|“…[Malajube] has exhibited a knack for fusing psychedelia, prog- and classic-rock, disco, and new wave into exuberant, easily grasped big-tent indie pop”
“…exalted racket like Broken Social Scene at their poppiest, or Super Furry Animals at their most raucous.”
Malajube: Haunting Geodesic Sounds from La Caverne
It’s common knowledge that a band that explodes onto an already overcrowded scene often burns excessively bright for a brief moment in time before fading, leaving nothing but the shakiest ashen memories of its brilliant sojourn through the musical landscape and the hearts of listeners it has illuminated along the way. And then there is Malajube, the band that continues to up the bracket with each new nugget of indie delight. Case in point, their recently released album, La Caverne, which infuses their patented pop underpinnings with a true sense of urgency and sincerity, driving each song forward into a gentle and (dare we say) rosy-tinted, oblivion.
After carving out a niche unto themselves within Montreal’s indie-rock scene and the world at large with their debut, Le Compte Complet (2004), Malajube dropped their internationally acclaimed, Trompe-l’Oeil (2006), followed by their third masterpiece Labyrinthes (2009). Their catalogue has not only impressed critics from publications as diverse as The New York Times, NME, Pitchfork, Wired, Fader, Filter, Spin, and Vanity Fair, but has served to confirm this four-piece as one of the most prolific and talented bands around. The evidence: five Felix Awards, including 2009 Album of the Year, Polaris Music Prize nominations, and thousands of adoring fans who have lined the streets and filled venues throughout the U.S., Canada, Europe, and Japan as Malajube have spun their potent web of indie intrigue at SXSW, CMJ Music Festival, Osheaga, Les Eurockeennes, and Les Francofolies de Montreal.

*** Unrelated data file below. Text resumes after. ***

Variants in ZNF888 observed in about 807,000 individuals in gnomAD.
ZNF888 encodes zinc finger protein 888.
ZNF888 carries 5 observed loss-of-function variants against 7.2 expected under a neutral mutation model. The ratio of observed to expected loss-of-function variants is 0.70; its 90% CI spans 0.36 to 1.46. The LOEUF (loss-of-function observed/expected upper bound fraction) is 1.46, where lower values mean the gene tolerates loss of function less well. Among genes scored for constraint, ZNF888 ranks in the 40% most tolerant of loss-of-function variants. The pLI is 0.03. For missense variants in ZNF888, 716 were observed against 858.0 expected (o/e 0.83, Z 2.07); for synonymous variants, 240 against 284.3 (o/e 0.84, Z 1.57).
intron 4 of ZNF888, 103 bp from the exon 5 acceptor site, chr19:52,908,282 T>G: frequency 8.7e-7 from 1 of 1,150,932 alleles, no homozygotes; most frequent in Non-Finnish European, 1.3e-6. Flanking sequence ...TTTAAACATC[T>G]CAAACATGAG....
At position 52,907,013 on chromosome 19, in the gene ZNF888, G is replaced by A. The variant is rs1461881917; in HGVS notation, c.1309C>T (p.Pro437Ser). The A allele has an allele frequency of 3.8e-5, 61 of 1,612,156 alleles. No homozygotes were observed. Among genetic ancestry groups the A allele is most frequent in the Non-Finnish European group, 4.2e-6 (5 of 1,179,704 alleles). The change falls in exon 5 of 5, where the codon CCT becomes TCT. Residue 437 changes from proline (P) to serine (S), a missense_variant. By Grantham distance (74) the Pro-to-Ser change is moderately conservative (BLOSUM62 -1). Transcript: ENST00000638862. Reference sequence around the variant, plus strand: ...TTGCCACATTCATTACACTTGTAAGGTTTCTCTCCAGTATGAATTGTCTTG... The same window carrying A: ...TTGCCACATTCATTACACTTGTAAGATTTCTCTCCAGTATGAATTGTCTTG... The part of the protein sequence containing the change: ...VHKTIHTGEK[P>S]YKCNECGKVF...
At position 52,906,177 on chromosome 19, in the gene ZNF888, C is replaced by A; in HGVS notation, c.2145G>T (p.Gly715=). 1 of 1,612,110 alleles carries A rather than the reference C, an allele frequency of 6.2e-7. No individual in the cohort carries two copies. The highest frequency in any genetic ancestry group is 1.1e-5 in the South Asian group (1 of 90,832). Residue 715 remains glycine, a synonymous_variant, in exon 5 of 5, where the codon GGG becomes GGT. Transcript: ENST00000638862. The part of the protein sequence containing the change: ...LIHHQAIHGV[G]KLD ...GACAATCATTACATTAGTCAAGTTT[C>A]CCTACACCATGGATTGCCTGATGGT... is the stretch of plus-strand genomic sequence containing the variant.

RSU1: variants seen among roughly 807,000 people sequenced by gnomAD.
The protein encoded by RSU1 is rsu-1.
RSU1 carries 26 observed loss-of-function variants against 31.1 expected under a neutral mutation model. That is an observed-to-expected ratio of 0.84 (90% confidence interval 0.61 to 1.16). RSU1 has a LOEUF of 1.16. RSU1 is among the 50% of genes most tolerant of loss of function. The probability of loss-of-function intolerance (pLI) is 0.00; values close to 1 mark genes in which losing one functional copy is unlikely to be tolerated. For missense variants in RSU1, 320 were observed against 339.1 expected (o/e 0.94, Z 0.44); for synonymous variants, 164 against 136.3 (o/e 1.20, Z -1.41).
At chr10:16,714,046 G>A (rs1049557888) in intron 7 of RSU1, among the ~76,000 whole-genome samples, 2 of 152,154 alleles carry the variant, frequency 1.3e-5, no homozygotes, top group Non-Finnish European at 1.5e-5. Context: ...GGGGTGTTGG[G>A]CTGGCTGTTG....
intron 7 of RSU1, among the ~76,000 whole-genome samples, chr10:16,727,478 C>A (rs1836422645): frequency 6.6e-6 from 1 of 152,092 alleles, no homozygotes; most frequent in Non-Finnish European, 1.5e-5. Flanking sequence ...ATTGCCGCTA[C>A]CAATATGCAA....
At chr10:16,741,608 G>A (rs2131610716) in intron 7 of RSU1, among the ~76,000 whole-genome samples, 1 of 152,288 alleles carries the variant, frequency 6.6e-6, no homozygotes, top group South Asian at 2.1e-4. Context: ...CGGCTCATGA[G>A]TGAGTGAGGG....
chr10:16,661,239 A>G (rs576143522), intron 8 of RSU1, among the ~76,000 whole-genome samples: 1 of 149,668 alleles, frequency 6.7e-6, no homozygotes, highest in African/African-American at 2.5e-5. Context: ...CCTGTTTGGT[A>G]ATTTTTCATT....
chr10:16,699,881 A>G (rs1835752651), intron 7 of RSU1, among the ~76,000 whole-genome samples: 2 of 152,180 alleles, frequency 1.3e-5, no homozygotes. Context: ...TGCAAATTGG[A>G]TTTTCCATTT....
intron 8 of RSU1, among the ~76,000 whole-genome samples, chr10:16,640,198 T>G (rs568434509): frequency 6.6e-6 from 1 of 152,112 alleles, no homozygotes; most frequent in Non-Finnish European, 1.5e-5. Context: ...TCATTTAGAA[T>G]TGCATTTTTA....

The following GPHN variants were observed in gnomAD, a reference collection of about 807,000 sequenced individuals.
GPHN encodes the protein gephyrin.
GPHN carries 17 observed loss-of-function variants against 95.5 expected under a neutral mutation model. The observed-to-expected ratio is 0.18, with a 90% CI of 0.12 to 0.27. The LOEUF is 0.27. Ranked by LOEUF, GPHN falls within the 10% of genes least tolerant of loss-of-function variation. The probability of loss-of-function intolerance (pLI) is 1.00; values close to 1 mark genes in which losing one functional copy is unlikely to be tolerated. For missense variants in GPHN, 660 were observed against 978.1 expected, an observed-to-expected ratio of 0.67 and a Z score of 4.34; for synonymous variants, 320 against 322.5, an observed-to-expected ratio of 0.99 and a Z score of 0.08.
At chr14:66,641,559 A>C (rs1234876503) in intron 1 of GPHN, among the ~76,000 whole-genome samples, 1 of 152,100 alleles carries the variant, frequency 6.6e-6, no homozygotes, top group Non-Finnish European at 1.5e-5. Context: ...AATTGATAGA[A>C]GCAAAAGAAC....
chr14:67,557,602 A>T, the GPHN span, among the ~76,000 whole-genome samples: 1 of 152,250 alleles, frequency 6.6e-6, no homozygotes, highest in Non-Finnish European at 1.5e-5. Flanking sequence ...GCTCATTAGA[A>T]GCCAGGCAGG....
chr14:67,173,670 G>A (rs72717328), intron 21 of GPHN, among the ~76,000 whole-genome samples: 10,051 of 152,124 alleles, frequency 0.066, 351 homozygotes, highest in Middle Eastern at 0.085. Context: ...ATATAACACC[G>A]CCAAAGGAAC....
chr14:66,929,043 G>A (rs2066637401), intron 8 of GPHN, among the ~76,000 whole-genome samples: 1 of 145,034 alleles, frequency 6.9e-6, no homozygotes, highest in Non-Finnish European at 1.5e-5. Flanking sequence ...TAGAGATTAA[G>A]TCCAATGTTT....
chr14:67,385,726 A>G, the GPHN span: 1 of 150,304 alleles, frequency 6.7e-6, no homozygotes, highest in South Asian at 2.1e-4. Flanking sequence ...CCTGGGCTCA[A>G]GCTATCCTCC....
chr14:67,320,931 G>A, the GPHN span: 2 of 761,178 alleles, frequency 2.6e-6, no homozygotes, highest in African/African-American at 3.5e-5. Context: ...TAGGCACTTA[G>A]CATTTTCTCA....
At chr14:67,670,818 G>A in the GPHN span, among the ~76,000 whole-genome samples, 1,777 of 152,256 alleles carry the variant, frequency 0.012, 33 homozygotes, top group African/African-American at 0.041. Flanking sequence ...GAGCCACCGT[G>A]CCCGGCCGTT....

Watch the Video for “Synesthésie”
And now, after holing up in a custom-built, modern geodesic cavern replete with an array of triangular faces, Malajube have returned with ten freshly minted tracks mixed by their long-time collaborator Ryan Battistuzzi. Not surprisingly, Malajube took home the 2011 Felix Award for Best Alternative Album of the Year at l’ADISQ Gala and were nominated for a Bucky Award (CBC Radio 3) in the Best Reason to Learn French category. Listening to La Caverne conjures images of stepping into the cavern with them; it is primal and vast, retro pop magnificence that sounds like edgy comfort from beyond.